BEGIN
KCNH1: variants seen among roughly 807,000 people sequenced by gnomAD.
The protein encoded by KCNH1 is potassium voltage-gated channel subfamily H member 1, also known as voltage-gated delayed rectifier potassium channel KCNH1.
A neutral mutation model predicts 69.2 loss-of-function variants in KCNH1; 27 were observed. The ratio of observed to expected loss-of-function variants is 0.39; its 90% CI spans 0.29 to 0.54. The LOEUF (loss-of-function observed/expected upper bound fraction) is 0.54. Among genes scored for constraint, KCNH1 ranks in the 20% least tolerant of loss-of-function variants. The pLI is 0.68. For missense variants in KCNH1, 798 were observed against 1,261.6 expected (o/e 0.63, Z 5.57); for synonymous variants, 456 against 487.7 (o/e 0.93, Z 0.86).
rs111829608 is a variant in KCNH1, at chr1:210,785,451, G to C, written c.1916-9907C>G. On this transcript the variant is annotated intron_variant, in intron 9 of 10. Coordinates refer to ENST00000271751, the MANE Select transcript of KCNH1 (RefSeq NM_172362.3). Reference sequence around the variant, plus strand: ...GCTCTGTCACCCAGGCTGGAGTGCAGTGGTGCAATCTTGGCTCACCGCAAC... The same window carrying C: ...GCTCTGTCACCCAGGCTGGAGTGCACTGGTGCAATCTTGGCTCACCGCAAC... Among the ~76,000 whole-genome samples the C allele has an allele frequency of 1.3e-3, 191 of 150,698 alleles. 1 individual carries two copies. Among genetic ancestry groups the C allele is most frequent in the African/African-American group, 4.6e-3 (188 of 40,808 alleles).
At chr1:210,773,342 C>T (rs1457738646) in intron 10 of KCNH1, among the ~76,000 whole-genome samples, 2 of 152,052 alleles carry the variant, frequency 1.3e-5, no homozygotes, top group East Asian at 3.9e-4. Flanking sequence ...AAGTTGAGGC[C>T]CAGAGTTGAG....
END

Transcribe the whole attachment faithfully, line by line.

KCNH1: variants seen among roughly 807,000 people sequenced by gnomAD.
The protein encoded by KCNH1 is potassium voltage-gated channel subfamily H member 1, also known as voltage-gated delayed rectifier potassium channel KCNH1.
A neutral mutation model predicts 69.2 loss-of-function variants in KCNH1; 27 were observed. The ratio of observed to expected loss-of-function variants is 0.39; its 90% CI spans 0.29 to 0.54. The LOEUF (loss-of-function observed/expected upper bound fraction) is 0.54. Among genes scored for constraint, KCNH1 ranks in the 20% least tolerant of loss-of-function variants. The pLI is 0.68. For missense variants in KCNH1, 798 were observed against 1,261.6 expected (o/e 0.63, Z 5.57); for synonymous variants, 456 against 487.7 (o/e 0.93, Z 0.86).
rs111829608 is a variant in KCNH1, at chr1:210,785,451, G to C, written c.1916-9907C>G. On this transcript the variant is annotated intron_variant, in intron 9 of 10. Coordinates refer to ENST00000271751, the MANE Select transcript of KCNH1 (RefSeq NM_172362.3). Reference sequence around the variant, plus strand: ...GCTCTGTCACCCAGGCTGGAGTGCAGTGGTGCAATCTTGGCTCACCGCAAC... The same window carrying C: ...GCTCTGTCACCCAGGCTGGAGTGCACTGGTGCAATCTTGGCTCACCGCAAC... Among the ~76,000 whole-genome samples the C allele has an allele frequency of 1.3e-3, 191 of 150,698 alleles. 1 individual carries two copies. Among genetic ancestry groups the C allele is most frequent in the African/African-American group, 4.6e-3 (188 of 40,808 alleles).
At chr1:210,773,342 C>T (rs1457738646) in intron 10 of KCNH1, among the ~76,000 whole-genome samples, 2 of 152,052 alleles carry the variant, frequency 1.3e-5, no homozygotes, top group East Asian at 3.9e-4. Flanking sequence ...AAGTTGAGGC[C>T]CAGAGTTGAG....